When humans are stressed, our bodies react with physical, mental and emotional responses. The same goes for beef calves that experience stressors such as hauling, handling or food and water deprivation. In cattle, these factors can lead to “shrink,” or weight loss that occurs from the time an animal leaves one location and is weighed at another.
The amount of shrink a calf experiences increases along with the number and duration of the stressors (see chart at right).
Managing shrink has implications on your calves’ health and profit potential, as demonstrated by a recent study by the University of Florida Institute of Food and Agricultural Sciences Extension. Shrink was measured in stocker calves after weaning in two separate years. The amount of shrink in one day amounted to 3.5 percent and 3.9 percent respectively, similar to the amount of shrink after eight hours of standing in a dry lot. In both years, calves did not regain their off-pasture weaning weight until day 14, even though they were offered high-quality hay and a pelleted supplement. The shrink was associated not only with a dietary change but also with handling, change in environment and tissue loss from stress.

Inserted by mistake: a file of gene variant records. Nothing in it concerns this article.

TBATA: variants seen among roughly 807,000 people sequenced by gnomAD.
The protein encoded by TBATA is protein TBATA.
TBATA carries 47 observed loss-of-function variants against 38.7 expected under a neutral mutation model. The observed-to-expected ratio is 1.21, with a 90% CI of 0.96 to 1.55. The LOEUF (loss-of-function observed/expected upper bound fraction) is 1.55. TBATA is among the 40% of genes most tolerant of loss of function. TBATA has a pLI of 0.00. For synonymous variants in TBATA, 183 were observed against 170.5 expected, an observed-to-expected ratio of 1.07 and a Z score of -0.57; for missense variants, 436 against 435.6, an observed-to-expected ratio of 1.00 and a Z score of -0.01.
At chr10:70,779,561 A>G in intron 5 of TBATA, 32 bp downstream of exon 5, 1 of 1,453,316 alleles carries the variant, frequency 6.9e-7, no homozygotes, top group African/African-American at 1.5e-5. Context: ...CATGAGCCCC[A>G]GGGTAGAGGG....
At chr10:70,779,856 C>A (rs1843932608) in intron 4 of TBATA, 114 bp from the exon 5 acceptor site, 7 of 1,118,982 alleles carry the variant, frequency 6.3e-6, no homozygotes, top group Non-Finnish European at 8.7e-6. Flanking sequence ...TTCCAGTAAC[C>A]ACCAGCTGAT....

In the second year of the study, the calves were also backgrounded for 50 days and transported 1,000 miles over 24 hours. These calves were unable to regain the lost body weight within 14 days, despite adequate access to hay, supplement and water. The amount of shrink increased because feed and water removal was coupled with the stress of transit.
How does shrink affect price? The appearance of calves at market can most certainly affect the bid. University of Arkansas data indicates that buyers adjust the price per pound based on an estimate of shrink to follow the purchase. Shrunk cattle received $3 to $8 greater sale prices compared to average fill calves. In contrast, calves that were full or very full were discounted $3 to $24 from the base selling price received by average fill calves.
Many different factors can affect shrink, but these have the most impact:
- Transportation time: Studies show calves will shrink about 1 percent per hour for the first three to four hours, then 0.25 percent per hour for the next eight to 10 hours (e.g. 8 percent shrink in 16 hours).
- Amount of fill: Diets low in dry matter and high in moisture result in a greater shrinkage, such as stockers on wheat pasture, whereas drier diets lead to slower weight loss and less shrink.
- Body condition/weight: Typically, fatter cattle will not shrink as much as cattle with less body fat. Fat contains less water than lean muscle tissue, so lower amounts of metabolic- tissue water is lost to shrink.
- Season: Higher temperatures induce a greater stress response in cattle and thus a greater shrink response. In hot weather, cattle lose more water through heavy breathing and greater maintenance energy expenditure than during cool temperatures.
- Handling: Cattle shrink less when they are handled in a quiet manner using good Beef Quality Assurance practices.
Yes, shrink happens, but anything producers can do to minimize animal stress—and the resulting weight loss—protects the value of the calf when it is sold.